Experts: As consumers reduce spending, more layoffs expected

Evan Lips

Economists say more workers may join the ranks of the jobless in the coming months, especially in the retail and home-improvement sectors as consumers nervous about the Wall Street mess cut back on spending.

“Come Christmas, people will be making arts and crafts instead of buying big-ticket gifts,” said Robert A. Rosenthal, chairman of the economics department of Stonehill College in Easton.

And anything related to housing “will be hit hard,” he added.

“People will not be taking new loans or refinancing in order to make new home additions or redecorate,” Rosenthal said.

Overall, unemployment looks to grow, another expert said Tuesday, after the state released jobless figures for September.

“I think it’s going to be worse in three months,” said Michael Jones, an assistant professor of economics at Bridgewater State College.

“My concern is that we don’t know the full extent of what’s happening in the financial industry,” he said.

The experts differed over how the outcome of the presidential election could affect the economy.

Jones said an Obama win on Nov. 4 could have a positive impact.

“A Democratic leadership would kick-start a transition toward a ‘green’ economy, something the governor (Deval Patrick) believes in,” he said. “We should see in the next couple of years all sorts of new industries starting to blossom.”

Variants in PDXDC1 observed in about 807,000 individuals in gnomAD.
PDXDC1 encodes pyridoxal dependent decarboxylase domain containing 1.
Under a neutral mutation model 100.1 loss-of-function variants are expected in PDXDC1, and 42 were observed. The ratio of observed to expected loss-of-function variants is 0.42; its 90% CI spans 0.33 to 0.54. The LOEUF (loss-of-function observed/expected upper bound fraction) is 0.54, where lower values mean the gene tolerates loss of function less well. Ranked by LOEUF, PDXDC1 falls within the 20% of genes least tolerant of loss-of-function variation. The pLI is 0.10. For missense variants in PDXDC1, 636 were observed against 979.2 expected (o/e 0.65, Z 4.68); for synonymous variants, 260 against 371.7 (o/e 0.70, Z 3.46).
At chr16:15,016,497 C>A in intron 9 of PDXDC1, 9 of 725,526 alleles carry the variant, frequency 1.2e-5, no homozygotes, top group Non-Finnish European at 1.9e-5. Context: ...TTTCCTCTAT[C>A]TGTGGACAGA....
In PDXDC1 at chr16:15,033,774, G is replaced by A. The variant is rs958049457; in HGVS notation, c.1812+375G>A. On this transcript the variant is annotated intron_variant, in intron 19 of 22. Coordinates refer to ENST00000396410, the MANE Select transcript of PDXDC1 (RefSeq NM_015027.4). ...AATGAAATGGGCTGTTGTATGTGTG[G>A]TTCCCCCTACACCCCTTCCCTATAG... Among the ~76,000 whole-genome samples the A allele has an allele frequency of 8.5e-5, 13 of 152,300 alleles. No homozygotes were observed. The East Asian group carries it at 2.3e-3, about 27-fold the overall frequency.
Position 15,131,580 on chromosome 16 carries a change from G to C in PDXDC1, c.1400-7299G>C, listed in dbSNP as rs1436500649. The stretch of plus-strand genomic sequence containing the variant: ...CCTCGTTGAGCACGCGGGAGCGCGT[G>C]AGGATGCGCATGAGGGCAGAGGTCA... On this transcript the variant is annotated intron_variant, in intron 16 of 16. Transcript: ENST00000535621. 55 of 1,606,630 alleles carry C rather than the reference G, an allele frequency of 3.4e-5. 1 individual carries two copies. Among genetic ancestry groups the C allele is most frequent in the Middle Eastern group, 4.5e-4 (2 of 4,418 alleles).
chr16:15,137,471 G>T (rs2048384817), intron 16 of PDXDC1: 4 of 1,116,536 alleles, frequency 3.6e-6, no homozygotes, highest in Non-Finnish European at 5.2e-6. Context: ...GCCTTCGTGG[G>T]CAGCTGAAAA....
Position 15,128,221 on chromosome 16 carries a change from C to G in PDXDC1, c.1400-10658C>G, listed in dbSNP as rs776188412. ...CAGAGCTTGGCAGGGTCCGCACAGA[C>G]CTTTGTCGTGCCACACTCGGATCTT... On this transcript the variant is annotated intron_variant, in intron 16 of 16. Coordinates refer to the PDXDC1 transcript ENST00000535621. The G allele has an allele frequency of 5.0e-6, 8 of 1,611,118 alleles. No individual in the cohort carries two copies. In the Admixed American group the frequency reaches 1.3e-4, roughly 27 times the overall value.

But Rosenthal said the election won’t have “an immediate effect” on the economy and added that the current crisis could stall the new president’s initiatives, including green projects.

“We are dealing with enormous deficits,” he said. “That is putting certain programs and desires on the back burner.”

More significant for Rosenthal is that the economic crisis is taking place as the holiday season approaches. Consumer confidence is a barometer for the economy, he said, so a shrinking job market will keep people from spending like they have in the past.

“An area that will take a huge hit in the upcoming months is retail,” he said. “The timing really couldn’t be worse for them.”

The Enterprise